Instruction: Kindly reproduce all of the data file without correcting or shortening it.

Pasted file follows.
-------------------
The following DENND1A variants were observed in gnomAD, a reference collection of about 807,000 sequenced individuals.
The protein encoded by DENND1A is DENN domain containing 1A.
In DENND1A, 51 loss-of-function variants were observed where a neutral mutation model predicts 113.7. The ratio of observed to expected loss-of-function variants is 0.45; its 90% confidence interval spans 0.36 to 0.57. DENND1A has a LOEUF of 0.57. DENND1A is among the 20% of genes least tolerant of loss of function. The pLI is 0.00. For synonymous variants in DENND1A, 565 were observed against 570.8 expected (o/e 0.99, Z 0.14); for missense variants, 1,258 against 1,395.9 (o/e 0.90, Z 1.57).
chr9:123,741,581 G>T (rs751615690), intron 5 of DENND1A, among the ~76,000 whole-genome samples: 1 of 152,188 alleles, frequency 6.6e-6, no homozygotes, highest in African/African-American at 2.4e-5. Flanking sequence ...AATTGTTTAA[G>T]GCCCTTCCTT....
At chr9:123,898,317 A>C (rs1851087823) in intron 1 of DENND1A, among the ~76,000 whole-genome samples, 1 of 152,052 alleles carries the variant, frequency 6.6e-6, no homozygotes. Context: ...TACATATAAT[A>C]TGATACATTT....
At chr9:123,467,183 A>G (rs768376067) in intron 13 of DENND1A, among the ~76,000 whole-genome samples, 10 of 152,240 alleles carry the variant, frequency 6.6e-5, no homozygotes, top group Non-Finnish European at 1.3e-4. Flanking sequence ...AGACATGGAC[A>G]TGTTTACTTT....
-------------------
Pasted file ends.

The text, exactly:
The following DENND1A variants were observed in gnomAD, a reference collection of about 807,000 sequenced individuals.
The protein encoded by DENND1A is DENN domain containing 1A.
In DENND1A, 51 loss-of-function variants were observed where a neutral mutation model predicts 113.7. The ratio of observed to expected loss-of-function variants is 0.45; its 90% confidence interval spans 0.36 to 0.57. DENND1A has a LOEUF of 0.57. DENND1A is among the 20% of genes least tolerant of loss of function. The pLI is 0.00. For synonymous variants in DENND1A, 565 were observed against 570.8 expected (o/e 0.99, Z 0.14); for missense variants, 1,258 against 1,395.9 (o/e 0.90, Z 1.57).
chr9:123,741,581 G>T (rs751615690), intron 5 of DENND1A, among the ~76,000 whole-genome samples: 1 of 152,188 alleles, frequency 6.6e-6, no homozygotes, highest in African/African-American at 2.4e-5. Flanking sequence ...AATTGTTTAA[G>T]GCCCTTCCTT....
At chr9:123,898,317 A>C (rs1851087823) in intron 1 of DENND1A, among the ~76,000 whole-genome samples, 1 of 152,052 alleles carries the variant, frequency 6.6e-6, no homozygotes. Context: ...TACATATAAT[A>C]TGATACATTT....
At chr9:123,467,183 A>G (rs768376067) in intron 13 of DENND1A, among the ~76,000 whole-genome samples, 10 of 152,240 alleles carry the variant, frequency 6.6e-5, no homozygotes, top group Non-Finnish European at 1.3e-4. Flanking sequence ...AGACATGGAC[A>G]TGTTTACTTT....